Four Worlds

There is a lot of advice out there for programming, but there’s almost never a distinction about what type of code it applies to. This article identifies 4 different “worlds” of code. Millenial Programming (as most programming advice) is only targeted at one of these worlds.

Four worlds

The four worlds are

  • Throwaway
  • Hardware Restricted
  • Real-Time Simulations
  • GUI based

Throwaway

A quick script that you run once and never need again afterwards. A lot of good practices in software development favor code that’s easy to read over code that’s easy to write. That doesn’t make a lot of sense for code that you only write and read once.

Hardware Restricted

If the hardware dictates certain limits, it’s simply not possible to do it differently. If you’re writing code for a tamagotchi on a chip with 32KB, you just can not import a 40KB library.

Unless some sort of minifier is involved, you might even be forced to use difficult to understand one-letter names for your variables. Restrictions in processing power might force you to use algorithms that are more difficult to understand, but just more efficient.

Or in short: If you have no choice, you can’t debate the choice.

Real-time simulations

I first wanted to call this “Games”, but that’s not what makes the difference. On one had, a simulation can be run for non-game-related reasons. On the other hand, a manager game where you only click in the interface works quite similar to e.g. an office application.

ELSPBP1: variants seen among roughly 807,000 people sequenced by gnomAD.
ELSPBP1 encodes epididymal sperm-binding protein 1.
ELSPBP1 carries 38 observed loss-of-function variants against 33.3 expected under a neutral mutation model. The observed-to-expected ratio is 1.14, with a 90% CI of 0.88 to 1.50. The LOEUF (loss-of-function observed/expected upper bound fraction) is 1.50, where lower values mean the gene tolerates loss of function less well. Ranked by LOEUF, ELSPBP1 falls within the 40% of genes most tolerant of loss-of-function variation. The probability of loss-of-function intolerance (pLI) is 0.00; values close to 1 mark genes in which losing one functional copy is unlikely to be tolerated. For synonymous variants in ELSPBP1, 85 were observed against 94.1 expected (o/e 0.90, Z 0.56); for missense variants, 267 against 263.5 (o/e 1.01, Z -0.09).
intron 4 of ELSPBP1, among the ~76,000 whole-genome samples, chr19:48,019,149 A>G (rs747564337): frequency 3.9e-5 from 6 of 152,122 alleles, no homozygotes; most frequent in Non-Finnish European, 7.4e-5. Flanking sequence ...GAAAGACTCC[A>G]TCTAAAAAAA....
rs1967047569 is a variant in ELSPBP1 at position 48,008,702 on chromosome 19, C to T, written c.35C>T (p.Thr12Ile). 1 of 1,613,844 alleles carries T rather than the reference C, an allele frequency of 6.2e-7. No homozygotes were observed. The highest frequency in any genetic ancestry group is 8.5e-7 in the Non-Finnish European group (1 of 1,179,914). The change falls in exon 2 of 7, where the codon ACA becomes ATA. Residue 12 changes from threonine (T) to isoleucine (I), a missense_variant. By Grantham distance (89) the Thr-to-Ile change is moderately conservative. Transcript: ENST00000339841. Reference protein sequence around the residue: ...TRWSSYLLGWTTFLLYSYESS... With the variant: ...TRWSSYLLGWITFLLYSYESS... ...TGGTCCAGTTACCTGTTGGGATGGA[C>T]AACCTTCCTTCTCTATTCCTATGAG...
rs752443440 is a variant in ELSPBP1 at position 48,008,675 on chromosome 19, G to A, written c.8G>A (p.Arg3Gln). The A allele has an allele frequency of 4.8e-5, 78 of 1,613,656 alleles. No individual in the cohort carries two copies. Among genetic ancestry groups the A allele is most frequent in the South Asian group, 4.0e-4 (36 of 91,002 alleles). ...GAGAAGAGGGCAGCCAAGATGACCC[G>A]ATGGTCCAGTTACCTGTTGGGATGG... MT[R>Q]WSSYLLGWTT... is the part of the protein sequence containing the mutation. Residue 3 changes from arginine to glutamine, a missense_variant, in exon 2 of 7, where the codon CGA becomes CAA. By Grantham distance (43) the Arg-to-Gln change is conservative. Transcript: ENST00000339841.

The real difference is simulating a constantly moving world. Things colliding and spawning and raycasting and a user continuously giving input are things where an office software approach will probably fall flat. That makes them different from GUI-based applications.

They differ from hardware restricted applications in that often there is not a hard limit. Instead it is a goal to “surf the edge” – if the app is too slow, a user can e.g. decrease the graphics quality and vice versa.

GUI-based

These are what most people think of when you mention “an application”. The user clicks/taps/drags/etc. something in the GUI and that makes something happen. This includes most websites and “tools for professionals” (like office software). The user-interaction-based nature of this type of software allows a nice separation and things like business rules or use cases can be easily defined.

This is what most programming advice applies to. This is also what Millennial Programming is targeted at.

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